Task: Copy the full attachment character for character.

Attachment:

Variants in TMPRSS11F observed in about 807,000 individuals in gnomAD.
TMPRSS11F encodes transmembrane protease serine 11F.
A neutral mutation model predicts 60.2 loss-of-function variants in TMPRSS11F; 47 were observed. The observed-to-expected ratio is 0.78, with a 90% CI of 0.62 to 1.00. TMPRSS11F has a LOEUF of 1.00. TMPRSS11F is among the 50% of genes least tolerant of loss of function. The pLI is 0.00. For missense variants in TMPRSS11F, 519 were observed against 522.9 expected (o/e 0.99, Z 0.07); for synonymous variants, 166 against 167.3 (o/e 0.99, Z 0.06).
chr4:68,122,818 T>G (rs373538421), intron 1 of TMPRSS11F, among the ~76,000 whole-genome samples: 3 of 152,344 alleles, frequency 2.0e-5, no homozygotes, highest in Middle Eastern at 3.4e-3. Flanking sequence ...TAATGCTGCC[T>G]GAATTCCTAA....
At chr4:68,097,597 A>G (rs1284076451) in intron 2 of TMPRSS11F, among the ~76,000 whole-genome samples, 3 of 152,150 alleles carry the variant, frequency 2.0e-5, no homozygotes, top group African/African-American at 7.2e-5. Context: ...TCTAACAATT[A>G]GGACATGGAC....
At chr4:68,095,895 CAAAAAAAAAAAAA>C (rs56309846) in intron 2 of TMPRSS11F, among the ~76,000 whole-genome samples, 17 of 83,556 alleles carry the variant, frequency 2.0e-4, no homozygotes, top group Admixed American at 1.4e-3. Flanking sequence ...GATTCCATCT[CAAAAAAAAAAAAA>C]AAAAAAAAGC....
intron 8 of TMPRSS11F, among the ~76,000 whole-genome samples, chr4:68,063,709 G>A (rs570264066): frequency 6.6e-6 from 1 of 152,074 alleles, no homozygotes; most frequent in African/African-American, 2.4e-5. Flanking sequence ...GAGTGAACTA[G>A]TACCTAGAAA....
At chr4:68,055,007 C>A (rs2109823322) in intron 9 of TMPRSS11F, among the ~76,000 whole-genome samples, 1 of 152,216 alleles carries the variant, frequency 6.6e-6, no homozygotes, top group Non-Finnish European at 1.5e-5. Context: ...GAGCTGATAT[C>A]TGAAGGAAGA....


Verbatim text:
Variants in TMPRSS11F observed in about 807,000 individuals in gnomAD.
TMPRSS11F encodes transmembrane protease serine 11F.
A neutral mutation model predicts 60.2 loss-of-function variants in TMPRSS11F; 47 were observed. The observed-to-expected ratio is 0.78, with a 90% CI of 0.62 to 1.00. TMPRSS11F has a LOEUF of 1.00. TMPRSS11F is among the 50% of genes least tolerant of loss of function. The pLI is 0.00. For missense variants in TMPRSS11F, 519 were observed against 522.9 expected (o/e 0.99, Z 0.07); for synonymous variants, 166 against 167.3 (o/e 0.99, Z 0.06).
chr4:68,122,818 T>G (rs373538421), intron 1 of TMPRSS11F, among the ~76,000 whole-genome samples: 3 of 152,344 alleles, frequency 2.0e-5, no homozygotes, highest in Middle Eastern at 3.4e-3. Flanking sequence ...TAATGCTGCC[T>G]GAATTCCTAA....
At chr4:68,097,597 A>G (rs1284076451) in intron 2 of TMPRSS11F, among the ~76,000 whole-genome samples, 3 of 152,150 alleles carry the variant, frequency 2.0e-5, no homozygotes, top group African/African-American at 7.2e-5. Context: ...TCTAACAATT[A>G]GGACATGGAC....
At chr4:68,095,895 CAAAAAAAAAAAAA>C (rs56309846) in intron 2 of TMPRSS11F, among the ~76,000 whole-genome samples, 17 of 83,556 alleles carry the variant, frequency 2.0e-4, no homozygotes, top group Admixed American at 1.4e-3. Flanking sequence ...GATTCCATCT[CAAAAAAAAAAAAA>C]AAAAAAAAGC....
intron 8 of TMPRSS11F, among the ~76,000 whole-genome samples, chr4:68,063,709 G>A (rs570264066): frequency 6.6e-6 from 1 of 152,074 alleles, no homozygotes; most frequent in African/African-American, 2.4e-5. Flanking sequence ...GAGTGAACTA[G>A]TACCTAGAAA....
At chr4:68,055,007 C>A (rs2109823322) in intron 9 of TMPRSS11F, among the ~76,000 whole-genome samples, 1 of 152,216 alleles carries the variant, frequency 6.6e-6, no homozygotes, top group Non-Finnish European at 1.5e-5. Context: ...GAGCTGATAT[C>A]TGAAGGAAGA....